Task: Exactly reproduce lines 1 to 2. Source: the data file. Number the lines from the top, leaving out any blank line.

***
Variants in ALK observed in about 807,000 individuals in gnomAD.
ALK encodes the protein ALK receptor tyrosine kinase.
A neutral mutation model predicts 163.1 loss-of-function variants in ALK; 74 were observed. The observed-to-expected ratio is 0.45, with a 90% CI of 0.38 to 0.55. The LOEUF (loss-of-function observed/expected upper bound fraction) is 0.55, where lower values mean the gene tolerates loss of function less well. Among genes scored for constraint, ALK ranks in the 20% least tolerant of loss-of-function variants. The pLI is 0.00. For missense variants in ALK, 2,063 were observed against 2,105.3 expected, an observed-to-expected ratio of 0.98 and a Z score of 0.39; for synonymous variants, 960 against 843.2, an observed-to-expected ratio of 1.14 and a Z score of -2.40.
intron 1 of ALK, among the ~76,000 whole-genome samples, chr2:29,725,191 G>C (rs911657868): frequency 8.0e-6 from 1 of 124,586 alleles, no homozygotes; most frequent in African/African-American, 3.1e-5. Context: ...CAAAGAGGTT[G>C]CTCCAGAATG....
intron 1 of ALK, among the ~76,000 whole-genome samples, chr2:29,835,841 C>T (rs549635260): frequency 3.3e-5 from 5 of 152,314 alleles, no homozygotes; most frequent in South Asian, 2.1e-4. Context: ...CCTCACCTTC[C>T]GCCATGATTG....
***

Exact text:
Variants in ALK observed in about 807,000 individuals in gnomAD.
ALK encodes the protein ALK receptor tyrosine kinase.